People are social beings, which means that we are always surrounded by other people and influenced by our relationships with them. At an early age, a child’s interaction is narrowed to the immediate family: parents or caregivers and siblings. But gradually, more and more people enter the child’s life, like teachers, friends, neighbours, local community members, and finally, wider society, broadening the range of settings and factors that determine the child’s development over time.
The settings in which the child develops constitute the ecological environment of the child’s development (Bronfenbrenner, 1977), and they are multi-layered. The layer that is the most immediate to the child includes internal settings in which the child activity participates, for example, family, school, and peers (Bronfenbrenner, 1977). This microsystem is fundamental for the child’s development because here, the prototypes of roles and behaviours are set. The second layer, a mesosystem, is where the interrelations between family, school, and peers are constructed (Bronfenbrenner, 1977). For example, because the child spends time both at school and home, it creates networks of parents, teachers, and peers in which the child socialises, constructs knowledge, and develops. The third layer, an exosystem, includes external settings, for example, parents’ workplace, mass media, local politics (Bronfenbrenner, 1977). The child does not actively participate in them, but they influence the child’s development indirectly. For example, the change in the parents’ job (job loss) may influence the setting of the family (income decrease) and consequently affect the child’s development. Finally, the influence on the child’s development in a macrosystem—the fourth layer of the ecological environment—is done from a broader level of culture and ideologies that are common for a certain society (Bronfenbrenner, 1977).
All in all, from household and school to local community to broader cultural environment, the development of the child is influenced by different social settings and relations throughout the child’s life.
Bronfenbrenner, U. (1977). The ecology of human development:
Experiments by nature and design. Harvard University Press.
A person learns something new almost every day, whether it is the information heard in a class in school, an interesting fact found on the Internet, or a new recipe read in a cookbook. Apart from being an integral part of human’s life, learning is also a deeply social process because it always requires at least two people: the one who shares knowledge and the one who receives it. In case of young children, the social nature of learning is undoubted. Indeed, it is difficult to imagine that a young child would be able to gain new knowledge and develop skills without social interactions with others. Social collaboration is simply essential in the learning process of the child, and the theory that explains this idea is the social constructivism theory proposed by Vygotsky (1978).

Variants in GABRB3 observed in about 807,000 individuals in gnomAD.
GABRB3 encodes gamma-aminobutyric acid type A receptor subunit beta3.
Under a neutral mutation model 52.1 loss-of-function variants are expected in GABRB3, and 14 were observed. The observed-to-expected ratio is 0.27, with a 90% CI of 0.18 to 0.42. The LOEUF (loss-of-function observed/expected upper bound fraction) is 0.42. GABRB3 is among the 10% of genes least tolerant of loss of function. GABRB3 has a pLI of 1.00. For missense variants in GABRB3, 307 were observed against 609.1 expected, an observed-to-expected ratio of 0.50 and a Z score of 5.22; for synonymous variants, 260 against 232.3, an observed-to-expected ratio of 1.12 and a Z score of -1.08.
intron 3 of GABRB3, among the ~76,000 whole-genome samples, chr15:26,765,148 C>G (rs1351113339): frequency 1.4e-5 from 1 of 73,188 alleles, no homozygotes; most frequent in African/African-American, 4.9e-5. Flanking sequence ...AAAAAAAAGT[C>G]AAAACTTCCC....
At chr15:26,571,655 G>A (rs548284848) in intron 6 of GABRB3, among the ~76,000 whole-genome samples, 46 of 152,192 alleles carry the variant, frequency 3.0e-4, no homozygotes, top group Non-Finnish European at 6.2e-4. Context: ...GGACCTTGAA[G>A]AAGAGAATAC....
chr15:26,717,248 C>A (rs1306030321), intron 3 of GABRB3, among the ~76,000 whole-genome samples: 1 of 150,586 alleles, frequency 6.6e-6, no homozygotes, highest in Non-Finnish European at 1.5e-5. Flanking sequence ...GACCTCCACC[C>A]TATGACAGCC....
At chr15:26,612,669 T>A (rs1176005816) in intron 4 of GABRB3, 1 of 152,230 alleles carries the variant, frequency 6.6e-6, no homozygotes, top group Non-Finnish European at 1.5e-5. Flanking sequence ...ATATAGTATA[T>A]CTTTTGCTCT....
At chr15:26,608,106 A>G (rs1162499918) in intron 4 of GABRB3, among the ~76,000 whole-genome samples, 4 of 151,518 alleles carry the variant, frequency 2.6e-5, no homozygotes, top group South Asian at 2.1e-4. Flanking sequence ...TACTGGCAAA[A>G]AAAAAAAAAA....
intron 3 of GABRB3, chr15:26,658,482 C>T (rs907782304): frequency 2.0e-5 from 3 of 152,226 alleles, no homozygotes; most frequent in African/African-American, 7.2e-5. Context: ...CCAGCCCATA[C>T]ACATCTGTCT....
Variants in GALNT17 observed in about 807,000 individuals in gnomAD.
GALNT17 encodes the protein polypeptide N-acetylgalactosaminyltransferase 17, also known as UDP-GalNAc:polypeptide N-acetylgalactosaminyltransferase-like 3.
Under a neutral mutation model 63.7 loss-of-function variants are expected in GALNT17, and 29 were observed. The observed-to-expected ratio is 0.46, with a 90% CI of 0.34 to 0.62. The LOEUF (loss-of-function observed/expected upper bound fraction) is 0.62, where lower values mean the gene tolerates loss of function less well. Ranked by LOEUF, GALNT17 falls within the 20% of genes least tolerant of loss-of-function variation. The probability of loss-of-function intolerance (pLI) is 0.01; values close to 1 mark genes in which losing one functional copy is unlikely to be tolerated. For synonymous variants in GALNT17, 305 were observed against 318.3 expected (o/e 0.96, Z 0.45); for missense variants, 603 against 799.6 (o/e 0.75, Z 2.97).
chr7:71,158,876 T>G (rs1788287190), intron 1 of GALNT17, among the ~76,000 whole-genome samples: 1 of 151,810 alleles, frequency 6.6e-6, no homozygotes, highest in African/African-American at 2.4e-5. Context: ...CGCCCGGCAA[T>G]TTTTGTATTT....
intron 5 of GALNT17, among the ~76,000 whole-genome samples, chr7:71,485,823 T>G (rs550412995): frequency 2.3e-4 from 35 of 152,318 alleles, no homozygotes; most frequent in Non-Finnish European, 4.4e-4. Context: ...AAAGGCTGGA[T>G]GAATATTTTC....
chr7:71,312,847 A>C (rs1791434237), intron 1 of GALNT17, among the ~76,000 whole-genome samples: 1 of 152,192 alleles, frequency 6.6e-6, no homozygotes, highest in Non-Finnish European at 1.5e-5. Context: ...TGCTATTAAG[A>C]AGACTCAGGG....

Social constructivism considers the child’s learning, thus development, to be ongoing: from what the child already knows and can use without the help of others (zone of actual development) to the potential knowledge (zone of proximal development). The child’s potential development can be transformed into the actual one only under the guidance of more knowledgeable others—an adult or a more advanced peer (Vygotsky, 1978). In other words, at any moment of the learning process, the child has both ‘fruit’ and ‘buds’ of development, and the latter has the potential to ‘bloom’ and give ‘fruit’ only in cooperation with others (Vygotsky, 1978).
Teachers, as active mediators of the children’s development, can apply a variety of cooperative learning exercises to make children’s classroom learning fruitful. For example, teachers can use help of more advanced children by pairing them with children who need support in complex activities. Additionally, teachers can invite parents to come to the classroom to provide guidance. Apart from the more knowledgeable others, using technology is another scaffolding practice since devices can serve as the medium for social interactions and thus development. Whichever the practice is, scaffolding learning with social interaction helps children to continuously develop.
Vygotsky, L. (1978). Mind in society. Harvard University Press.